Lead-free solder

I made a surprisingly neat solder joint yesterday. Then I saw that it contained lead.

I try to use lead-free but I’m now assuming that it’s harder to work with?

Is there a policy or advise on solder types?

Also, is it worth applying flux paste before soldering?

As long as you don’t eat it, lead solder is much better for hand soldering than the lead-free stuff*. With solder paste and reflow it doesn’t matter that much. Flux paste is great for soldering small pitch SMD ICs - if you absolutely drown the pins in flux, and then drag the iron tip with some solder on it over them, you’re super unlikely to get many issues and with some things you can get it right first time. I wouldn’t use it for everything though, like there’s no need to use it for 0.1" pin headers.

*However I would like to see a long-term study of health problems in people who use lead solder versus lead-free, as well as whether the flux vapour from flux core solder wire carries any lead particulate matter


Thanks. I’m only doing basic large connections atm. Although your advice will probably help me later.

Regards lead poisoning, the fumes are dangerous eg. Mad as a hatter when hat makers got poisoned

And I believe there’s some evidence that even touching it can be dangerous. I think Calefornia has some of the strictest guidance with safety notices stating health impacts from direct contact.

Please can you elaborate?

The California cancer warnings are a bit infamous, because if you actually go there and see them in every starbucks claiming that coffee contains carcinogens, you’ll realise how ridiculous some of them are.

For solder paste and reflow, the idea is that you apply solder paste to your pads, tack the components on, and then throw everything into a reflow oven - and after ten or so minutes you have a near-perfectly soldered board. Only works for single-side SMD soldering though.

I think you’re thinking of mercury. The fumes are from flux and yeah they can be nasty if you have asthma or a predisposition to asthma-like conditions, but that’s why we have fans on the electronics bench. Touching lead solder is fine, just don’t solder and eat at the same time.

I think you’re right there.

Are there extraction fans? I’ll look today. Perhaps a prominent notice would be useful?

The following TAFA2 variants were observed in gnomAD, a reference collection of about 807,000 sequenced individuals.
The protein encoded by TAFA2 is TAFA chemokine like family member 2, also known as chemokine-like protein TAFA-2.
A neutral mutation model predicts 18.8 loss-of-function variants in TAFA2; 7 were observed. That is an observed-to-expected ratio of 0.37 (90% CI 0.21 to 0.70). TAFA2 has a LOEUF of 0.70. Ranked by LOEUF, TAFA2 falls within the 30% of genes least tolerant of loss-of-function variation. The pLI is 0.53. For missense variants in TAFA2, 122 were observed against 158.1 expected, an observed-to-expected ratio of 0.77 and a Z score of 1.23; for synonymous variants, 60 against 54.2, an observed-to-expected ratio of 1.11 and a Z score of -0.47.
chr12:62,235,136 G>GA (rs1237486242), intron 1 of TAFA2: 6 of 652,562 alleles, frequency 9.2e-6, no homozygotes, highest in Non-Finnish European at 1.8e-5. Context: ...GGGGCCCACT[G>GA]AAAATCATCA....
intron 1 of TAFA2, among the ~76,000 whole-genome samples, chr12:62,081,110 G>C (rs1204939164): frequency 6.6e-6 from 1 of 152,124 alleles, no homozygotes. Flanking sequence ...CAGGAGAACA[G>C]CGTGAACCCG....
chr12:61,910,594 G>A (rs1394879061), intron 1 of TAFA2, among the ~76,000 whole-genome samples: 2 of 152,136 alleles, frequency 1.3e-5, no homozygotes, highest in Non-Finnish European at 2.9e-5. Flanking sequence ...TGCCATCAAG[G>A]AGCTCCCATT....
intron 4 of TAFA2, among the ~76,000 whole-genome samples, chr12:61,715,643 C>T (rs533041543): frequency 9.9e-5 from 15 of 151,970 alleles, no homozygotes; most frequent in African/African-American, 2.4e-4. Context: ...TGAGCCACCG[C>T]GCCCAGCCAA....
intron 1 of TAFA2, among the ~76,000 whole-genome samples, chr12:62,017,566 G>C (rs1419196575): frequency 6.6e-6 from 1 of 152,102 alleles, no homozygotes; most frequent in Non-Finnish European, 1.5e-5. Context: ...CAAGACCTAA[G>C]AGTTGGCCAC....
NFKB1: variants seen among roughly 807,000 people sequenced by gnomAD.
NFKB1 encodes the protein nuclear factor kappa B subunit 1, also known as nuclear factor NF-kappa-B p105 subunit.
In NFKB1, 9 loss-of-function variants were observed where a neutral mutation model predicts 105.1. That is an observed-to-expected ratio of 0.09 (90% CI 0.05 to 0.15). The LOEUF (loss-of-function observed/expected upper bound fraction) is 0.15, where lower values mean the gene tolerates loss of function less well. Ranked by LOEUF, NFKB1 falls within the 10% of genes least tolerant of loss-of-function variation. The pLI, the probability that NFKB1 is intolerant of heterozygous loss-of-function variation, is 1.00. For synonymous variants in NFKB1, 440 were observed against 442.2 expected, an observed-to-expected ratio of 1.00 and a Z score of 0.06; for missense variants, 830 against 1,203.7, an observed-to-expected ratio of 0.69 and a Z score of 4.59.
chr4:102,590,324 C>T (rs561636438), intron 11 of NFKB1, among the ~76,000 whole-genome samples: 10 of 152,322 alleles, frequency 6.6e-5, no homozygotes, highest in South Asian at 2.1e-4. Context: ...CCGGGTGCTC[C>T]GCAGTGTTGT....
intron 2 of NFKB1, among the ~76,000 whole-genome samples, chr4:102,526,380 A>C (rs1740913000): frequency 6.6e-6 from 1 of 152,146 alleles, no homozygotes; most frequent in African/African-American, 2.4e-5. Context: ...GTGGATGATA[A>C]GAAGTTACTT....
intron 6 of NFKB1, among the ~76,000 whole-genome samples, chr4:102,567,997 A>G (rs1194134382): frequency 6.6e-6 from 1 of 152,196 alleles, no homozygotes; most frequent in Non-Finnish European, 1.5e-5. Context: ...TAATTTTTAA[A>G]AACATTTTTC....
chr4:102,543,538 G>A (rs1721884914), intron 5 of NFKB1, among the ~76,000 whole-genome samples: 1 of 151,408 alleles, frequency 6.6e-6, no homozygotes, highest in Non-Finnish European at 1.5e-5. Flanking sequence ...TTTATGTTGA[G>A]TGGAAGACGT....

There are some desktop soldering extraction units @electrotechs where are they?

I haven’t been in for months.

Last time I saw fans they were mounted on the desk.

it’s on his way from china…

They used to pump lead into the air via internal combustion engines. (Now we just get the nitrogen oxides and the particulates.) A little leaded solder won’t do you any harm. :slight_smile:

Recently, I got a soldering course and we used flux for everything : trough hole, CMS, to solder, to desolder, to make a joint better. At first, we worked only with lead-free. Maybe flux is more useful when we use lead-free and for beginners like me but clearly, it helps a lot.

When we passed to lead, it made a big difference and I understand why people who use it for a long time are reluctant to use lead-free. But the issue is not only for health but also for environment. It is likely it will be completely forbidden, except for some sectors like aeronautics.
So I think to use free-lead before being too “attached” to lead.

However, they told us nothing about the toxicity of the flux fume. If it is toxic, it is not a good idea to use it for everything.

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Asbestos was known to be dangerous since Roman times. Yet it was used for almost everything including floor tiles. I’ve heard blue asbestos (the most dangerous kind) is still used in train brakes.

‘Safe disposal’ is simply double-bagging and landfill.

At school we used copious amounts of mdf even though the dust was toxic.

Any idiot should have known that plastics would persist in the environment and become microscopic particles to be ingested by various lifeforms.

Antibiotics kill healthy gut bacteria leading to allergies, immune system damage and mental illness.

I could go on but I think I’ve made the point.